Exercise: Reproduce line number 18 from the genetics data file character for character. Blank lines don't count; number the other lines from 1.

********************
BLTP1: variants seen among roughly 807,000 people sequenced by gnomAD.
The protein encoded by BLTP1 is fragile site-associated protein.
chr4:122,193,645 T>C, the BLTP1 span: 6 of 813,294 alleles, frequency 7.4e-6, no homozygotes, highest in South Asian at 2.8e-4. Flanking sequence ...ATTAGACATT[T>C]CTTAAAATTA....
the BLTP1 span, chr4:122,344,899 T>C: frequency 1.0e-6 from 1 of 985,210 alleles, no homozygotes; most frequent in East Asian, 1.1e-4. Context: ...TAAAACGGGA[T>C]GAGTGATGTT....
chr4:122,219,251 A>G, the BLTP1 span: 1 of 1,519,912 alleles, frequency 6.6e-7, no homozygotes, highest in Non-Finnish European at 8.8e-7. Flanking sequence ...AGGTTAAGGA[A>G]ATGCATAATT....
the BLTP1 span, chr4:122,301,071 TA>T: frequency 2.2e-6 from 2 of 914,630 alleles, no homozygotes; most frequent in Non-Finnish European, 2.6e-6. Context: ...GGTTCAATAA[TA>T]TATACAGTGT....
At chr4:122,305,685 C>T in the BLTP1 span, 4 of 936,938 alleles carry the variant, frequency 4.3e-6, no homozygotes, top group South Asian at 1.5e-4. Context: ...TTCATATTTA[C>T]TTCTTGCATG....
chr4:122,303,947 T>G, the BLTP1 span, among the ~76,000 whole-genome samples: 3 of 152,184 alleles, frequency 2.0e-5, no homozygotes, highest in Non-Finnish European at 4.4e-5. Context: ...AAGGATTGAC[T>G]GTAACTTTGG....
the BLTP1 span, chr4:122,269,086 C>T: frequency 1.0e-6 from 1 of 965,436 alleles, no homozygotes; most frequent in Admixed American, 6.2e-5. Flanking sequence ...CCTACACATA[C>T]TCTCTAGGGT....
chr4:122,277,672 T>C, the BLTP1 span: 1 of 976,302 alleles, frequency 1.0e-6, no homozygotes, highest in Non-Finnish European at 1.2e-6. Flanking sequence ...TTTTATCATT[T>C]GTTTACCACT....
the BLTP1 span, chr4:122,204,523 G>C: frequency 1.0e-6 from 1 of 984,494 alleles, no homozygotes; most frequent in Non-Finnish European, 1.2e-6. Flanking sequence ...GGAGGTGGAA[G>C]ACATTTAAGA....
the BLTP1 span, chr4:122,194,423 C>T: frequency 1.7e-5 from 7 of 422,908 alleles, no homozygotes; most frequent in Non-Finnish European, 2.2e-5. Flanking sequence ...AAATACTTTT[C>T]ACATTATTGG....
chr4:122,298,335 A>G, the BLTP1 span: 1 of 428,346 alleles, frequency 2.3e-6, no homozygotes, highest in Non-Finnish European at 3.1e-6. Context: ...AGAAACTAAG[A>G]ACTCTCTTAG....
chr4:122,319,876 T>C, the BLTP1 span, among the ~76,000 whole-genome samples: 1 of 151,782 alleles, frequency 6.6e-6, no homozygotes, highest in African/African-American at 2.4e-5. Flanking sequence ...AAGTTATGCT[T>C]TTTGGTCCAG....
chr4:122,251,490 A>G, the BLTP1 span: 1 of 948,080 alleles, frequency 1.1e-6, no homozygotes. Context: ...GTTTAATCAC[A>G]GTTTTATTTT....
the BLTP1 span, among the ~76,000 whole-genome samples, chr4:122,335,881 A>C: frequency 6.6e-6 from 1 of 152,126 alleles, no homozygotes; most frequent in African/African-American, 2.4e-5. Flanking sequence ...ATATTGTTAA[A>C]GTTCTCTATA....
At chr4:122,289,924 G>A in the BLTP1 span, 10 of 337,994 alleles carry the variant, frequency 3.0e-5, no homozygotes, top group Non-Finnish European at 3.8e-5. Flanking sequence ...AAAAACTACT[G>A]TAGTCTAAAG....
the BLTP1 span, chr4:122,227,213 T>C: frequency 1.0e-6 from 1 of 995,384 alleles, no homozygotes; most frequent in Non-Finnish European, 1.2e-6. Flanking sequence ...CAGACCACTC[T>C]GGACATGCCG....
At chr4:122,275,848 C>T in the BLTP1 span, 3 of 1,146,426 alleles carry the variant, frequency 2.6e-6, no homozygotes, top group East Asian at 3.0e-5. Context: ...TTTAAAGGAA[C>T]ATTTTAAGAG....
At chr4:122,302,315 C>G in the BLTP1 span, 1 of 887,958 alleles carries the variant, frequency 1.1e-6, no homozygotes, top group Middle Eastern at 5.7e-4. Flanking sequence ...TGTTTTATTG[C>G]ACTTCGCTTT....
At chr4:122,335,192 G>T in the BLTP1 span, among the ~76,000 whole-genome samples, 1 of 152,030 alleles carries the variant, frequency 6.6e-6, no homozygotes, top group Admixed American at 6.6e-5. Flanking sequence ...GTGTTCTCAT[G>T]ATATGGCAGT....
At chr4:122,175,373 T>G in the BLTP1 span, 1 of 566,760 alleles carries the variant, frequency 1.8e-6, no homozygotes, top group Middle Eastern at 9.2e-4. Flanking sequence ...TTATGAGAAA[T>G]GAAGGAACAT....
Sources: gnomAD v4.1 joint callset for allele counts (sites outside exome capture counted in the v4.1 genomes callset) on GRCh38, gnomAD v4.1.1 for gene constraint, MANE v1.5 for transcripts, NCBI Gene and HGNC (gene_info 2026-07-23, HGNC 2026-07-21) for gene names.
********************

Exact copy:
the BLTP1 span, chr4:122,227,213 T>C: frequency 1.0e-6 from 1 of 995,384 alleles, no homozygotes; most frequent in Non-Finnish European, 1.2e-6. Flanking sequence ...CAGACCACTC[T>C]GGACATGCCG....